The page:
It's Time To Flatten The Climate Change Curve Too

There are important lessons to be learned from how the world mobilized to contain the novel coronavirus.

A person touches one of the human figures elaborated with ice in Santiago, Chile.
A person touches one of the human figures elaborated with ice in Santiago, Chile.
Gonzalo Muñoz


SANTIAGO — A century ago, humanity was recovering from another pandemic, the worst the world had known, at least judging by the fatality figures. Some 50 to 100 million people — or 10-20% of the world's population died — died from the misnamed Spanish flu, which began near the end of World War I and originated, in all likelihood, in the United States.

Fearing generalized panic among the population, most states favored hiding information on the flu. We should recall that there were no antibiotics until the early 1940s, so treatment options were limited a range of unfounded suppositions and various "miracle" remedies. These included medicinal waters, tonics, extra aspirin or quinine-based mixes. Some doctors even recommended smoking, as tobacco smoke was supposed to kill the germs.

We know today that the illness was exacerbated by a cytokine storm. The main disseminating agents were the war, which moved soldiers around the world, along with with a generalized increase in mobility worldwide. Spain was the first country to responsibly inform its citizens of the epidemic, which merely earned it disrepute as the flu's starting point. It took a decade to identify the pandemic's viral origin.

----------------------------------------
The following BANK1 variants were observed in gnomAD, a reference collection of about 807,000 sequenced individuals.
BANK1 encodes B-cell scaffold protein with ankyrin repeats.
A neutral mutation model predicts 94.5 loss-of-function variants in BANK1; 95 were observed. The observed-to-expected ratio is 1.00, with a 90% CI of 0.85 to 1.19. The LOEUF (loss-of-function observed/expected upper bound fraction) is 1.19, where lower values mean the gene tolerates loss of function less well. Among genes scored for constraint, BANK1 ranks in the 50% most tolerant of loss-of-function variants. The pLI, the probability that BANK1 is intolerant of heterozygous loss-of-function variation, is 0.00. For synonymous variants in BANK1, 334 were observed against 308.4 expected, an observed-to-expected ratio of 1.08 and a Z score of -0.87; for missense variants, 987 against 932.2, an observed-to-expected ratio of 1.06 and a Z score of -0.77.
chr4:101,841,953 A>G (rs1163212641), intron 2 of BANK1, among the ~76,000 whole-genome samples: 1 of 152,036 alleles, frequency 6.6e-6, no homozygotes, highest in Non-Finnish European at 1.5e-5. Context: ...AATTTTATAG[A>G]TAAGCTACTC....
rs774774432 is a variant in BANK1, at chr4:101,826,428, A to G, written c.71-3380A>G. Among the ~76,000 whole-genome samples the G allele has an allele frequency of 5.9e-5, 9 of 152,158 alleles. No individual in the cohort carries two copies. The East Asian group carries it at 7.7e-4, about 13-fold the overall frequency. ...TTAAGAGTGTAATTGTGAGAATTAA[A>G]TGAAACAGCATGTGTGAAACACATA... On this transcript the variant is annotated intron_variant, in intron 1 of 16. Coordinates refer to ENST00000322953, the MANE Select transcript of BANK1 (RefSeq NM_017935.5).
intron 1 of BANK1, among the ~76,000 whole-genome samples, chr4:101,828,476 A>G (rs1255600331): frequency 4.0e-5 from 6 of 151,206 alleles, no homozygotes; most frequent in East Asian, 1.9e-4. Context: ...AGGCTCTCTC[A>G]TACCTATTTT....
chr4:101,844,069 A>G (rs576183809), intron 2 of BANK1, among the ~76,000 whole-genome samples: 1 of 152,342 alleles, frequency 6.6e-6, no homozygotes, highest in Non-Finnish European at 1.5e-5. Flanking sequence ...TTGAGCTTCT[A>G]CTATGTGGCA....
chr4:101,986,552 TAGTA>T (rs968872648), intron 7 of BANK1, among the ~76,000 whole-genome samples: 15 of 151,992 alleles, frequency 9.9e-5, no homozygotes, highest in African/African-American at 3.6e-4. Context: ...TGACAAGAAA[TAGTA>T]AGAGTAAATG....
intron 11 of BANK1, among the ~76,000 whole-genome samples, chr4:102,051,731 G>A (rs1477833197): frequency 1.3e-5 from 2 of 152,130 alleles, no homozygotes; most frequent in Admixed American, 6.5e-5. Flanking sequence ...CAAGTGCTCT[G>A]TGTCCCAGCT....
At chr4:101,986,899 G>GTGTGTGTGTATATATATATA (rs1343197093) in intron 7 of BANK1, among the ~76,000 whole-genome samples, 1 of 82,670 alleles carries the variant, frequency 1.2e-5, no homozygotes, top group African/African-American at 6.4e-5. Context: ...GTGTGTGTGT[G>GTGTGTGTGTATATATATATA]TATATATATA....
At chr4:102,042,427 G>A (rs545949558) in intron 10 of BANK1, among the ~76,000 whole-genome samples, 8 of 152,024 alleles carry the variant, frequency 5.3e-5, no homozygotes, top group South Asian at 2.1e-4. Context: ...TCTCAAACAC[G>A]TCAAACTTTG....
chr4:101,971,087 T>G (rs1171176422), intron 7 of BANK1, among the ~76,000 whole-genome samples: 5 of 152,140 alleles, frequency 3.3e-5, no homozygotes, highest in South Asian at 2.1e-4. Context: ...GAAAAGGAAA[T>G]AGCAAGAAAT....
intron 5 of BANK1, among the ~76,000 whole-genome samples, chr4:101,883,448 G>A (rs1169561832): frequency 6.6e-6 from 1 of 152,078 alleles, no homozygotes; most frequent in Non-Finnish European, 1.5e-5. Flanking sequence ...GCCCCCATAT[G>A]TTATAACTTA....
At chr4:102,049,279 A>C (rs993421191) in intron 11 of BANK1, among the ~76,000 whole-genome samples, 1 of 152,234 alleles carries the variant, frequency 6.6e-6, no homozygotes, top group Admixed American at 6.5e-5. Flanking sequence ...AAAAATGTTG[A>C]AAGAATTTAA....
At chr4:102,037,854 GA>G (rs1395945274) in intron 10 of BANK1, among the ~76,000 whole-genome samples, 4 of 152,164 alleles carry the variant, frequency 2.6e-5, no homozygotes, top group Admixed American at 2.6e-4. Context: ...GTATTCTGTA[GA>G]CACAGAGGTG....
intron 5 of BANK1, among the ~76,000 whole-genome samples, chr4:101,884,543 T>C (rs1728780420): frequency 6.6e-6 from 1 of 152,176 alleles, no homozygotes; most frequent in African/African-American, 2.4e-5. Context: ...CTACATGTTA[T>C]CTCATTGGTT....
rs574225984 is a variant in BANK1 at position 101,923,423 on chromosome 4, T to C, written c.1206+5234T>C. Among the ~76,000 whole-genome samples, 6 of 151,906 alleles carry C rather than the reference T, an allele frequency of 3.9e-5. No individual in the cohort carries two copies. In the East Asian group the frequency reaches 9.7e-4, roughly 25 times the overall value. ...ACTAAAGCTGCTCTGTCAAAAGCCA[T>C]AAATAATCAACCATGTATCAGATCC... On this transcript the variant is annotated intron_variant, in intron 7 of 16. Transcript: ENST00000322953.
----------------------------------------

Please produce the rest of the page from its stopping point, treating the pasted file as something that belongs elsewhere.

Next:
We might have been better prepared had we heeded history, or listened to the scientists.

After three contagious waves, the illness did eventually subside, thanks to hygiene measures and distancing. The measures made possible a sufficient level of herd immunity that ensured we could live with the virus until a vaccine was developed. For many historians of course, the pandemic and its following recession were the prelude to the Great Depression of the 1930s, which a little later led to World War II.

This may seem familiar in the middle of the COVID-19 crisis. We might have been better prepared had we heeded history, or listened to the scientists who have been warning for decades that a globalized world is vulnerable to any new pathogen that is potentially deadly and swiftly contagious. We underestimated the threat and remained complacent, thinking it had yet to come or would affect others, not us.

A view of Lake Penualas, affected by drought in the region of Valparaiso, Chile. — Photo: Cristian Bueno/DPA/ZUMA

But at the same time, it's fair to say that we have duly learned about the essential role of science in managing crises. Today, most authorities aren't putting their stake in miracle cures. They're relying, rather, on science, information analysis and crisis-management techniques. We have also learned the central role played by responsible communications and the need for leaders to urge hygiene measures — like the use of face masks (which they too must wear) — and to refrain from promoting invalid or unproven pharmaceutical products.